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That’s a legit concern. How to extract more money from consumers!

That being said I have an EE1 and it works for me. Surprisingly so if I’m being honest. However as @Geko says above I also think it’s system/environment dependent.

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An observation about their design of the EE1 that I made to Chord at the Bristol show.

I think that is right. Having had positive experiences with Audioquest jitterbugs (which were very much at a no regrets price level when they first came out) a hifi show discount tempted me to take a punt on the CAD sister USB grounding dongle product.

Fortunately it has delivered a major uplift in the performance of my Vitus 101 even though I’m not using the streamer/DAC board (the USB port is for a wi-fi dongle where ethernet not available) but when I tried it in my Nova I thought it made it sound slightly worse if anything.

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Agreed. I luckily had an unused Shawline that I could use instead of the freebie 1m C-stream that came with my EE1. I tried the C-Stream but the Shawline sounds better IMHO.

If you add in the cost of a better quality cable, things can get expensive quickly.

Although many, including me, have equipment racks close to the rear wall. With a fairly inflexible Chord Sarum cable into the streamer, I’d have to move my rack(s) a couple of inches further from the wall to accommodate the CAD device. EE1 works better for me in that respect.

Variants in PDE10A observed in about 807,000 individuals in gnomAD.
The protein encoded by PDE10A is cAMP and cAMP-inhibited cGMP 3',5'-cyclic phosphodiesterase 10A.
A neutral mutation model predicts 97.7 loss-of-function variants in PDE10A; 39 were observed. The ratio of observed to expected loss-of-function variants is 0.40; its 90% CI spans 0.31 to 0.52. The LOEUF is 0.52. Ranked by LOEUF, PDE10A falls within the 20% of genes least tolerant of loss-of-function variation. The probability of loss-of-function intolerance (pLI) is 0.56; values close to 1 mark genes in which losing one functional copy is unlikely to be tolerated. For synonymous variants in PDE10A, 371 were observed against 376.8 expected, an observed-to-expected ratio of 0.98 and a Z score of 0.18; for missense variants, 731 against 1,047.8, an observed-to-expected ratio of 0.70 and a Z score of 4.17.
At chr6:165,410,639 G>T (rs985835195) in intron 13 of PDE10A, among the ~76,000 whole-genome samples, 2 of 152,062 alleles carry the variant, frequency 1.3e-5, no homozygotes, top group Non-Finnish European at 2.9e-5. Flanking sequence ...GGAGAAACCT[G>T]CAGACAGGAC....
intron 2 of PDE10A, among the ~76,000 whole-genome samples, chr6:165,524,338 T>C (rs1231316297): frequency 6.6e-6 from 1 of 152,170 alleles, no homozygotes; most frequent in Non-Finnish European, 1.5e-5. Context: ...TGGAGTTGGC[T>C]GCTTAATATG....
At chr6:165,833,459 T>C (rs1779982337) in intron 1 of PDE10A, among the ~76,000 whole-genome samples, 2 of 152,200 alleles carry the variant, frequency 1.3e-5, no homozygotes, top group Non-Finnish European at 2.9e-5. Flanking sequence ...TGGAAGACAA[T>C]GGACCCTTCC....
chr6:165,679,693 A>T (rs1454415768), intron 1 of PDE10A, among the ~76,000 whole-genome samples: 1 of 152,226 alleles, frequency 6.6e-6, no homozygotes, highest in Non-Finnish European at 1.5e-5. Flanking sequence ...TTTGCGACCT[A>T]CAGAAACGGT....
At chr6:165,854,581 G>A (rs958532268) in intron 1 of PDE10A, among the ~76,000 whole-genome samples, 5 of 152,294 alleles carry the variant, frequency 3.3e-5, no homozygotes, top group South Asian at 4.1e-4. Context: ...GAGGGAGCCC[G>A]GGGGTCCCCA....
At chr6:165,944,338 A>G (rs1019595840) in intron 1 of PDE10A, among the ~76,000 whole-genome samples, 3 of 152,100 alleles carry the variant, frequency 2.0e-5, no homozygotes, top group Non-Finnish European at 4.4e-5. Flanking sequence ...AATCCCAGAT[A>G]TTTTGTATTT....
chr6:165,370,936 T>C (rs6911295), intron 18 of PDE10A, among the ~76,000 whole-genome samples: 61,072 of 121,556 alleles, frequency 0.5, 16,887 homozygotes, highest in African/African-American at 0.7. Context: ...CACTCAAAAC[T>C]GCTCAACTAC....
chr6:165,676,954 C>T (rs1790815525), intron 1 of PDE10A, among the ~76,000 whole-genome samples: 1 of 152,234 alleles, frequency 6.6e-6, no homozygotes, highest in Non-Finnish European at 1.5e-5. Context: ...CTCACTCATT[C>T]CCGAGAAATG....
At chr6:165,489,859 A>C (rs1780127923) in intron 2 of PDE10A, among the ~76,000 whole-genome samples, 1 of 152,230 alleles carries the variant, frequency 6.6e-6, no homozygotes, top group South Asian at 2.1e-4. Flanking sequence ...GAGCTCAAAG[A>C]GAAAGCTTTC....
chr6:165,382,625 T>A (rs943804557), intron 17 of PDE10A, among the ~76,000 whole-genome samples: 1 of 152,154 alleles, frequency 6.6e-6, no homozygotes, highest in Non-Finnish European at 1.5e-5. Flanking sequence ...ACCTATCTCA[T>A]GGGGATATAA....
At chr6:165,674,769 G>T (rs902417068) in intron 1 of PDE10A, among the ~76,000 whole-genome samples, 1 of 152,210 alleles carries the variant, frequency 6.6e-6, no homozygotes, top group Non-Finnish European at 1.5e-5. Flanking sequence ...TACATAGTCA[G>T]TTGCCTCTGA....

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There’s one head-to-head review:

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I’m with you @easeback1 I checked the back of my streamer(ND5XS2) unless this device is smaller than the photo(s) I just can’t visualize how it would fit with my Powerline already in place. I do wonder if it’s bi-directional. If that’s the case perhaps it could be placed on my Switch…

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Network hygiene, lol.

Not just system dependent, but also environment dependent.

Even if it works with particular kit (including the switches!) in one environment, doesn’t mean the electrical noise in a different environment will be the same, so the effect could be completely different. Furthermore there’s really no way to predict which one will work best (or even if any of them will even give an improvement at all!) in any particular specific setup / location.

In respect of Ethernet cables, what counts as “better”.

The last time we tested various Ethernet cables, on the basis of perceived sound quality from the system, a basic standard Cat6 UTP patch cord won our test!

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Meaningless:

  1. He didn’t actually test the performance of any of them to find what the differences actually are.
  2. Those results apply only to his system in his location.
  3. He gives rules on how to use them and finds it best not applying them: doing something completely different! (Monty Python? !!)
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Those are listening impressions, I guess it’s difficult to expect more, most tests are not even made on comparison basis.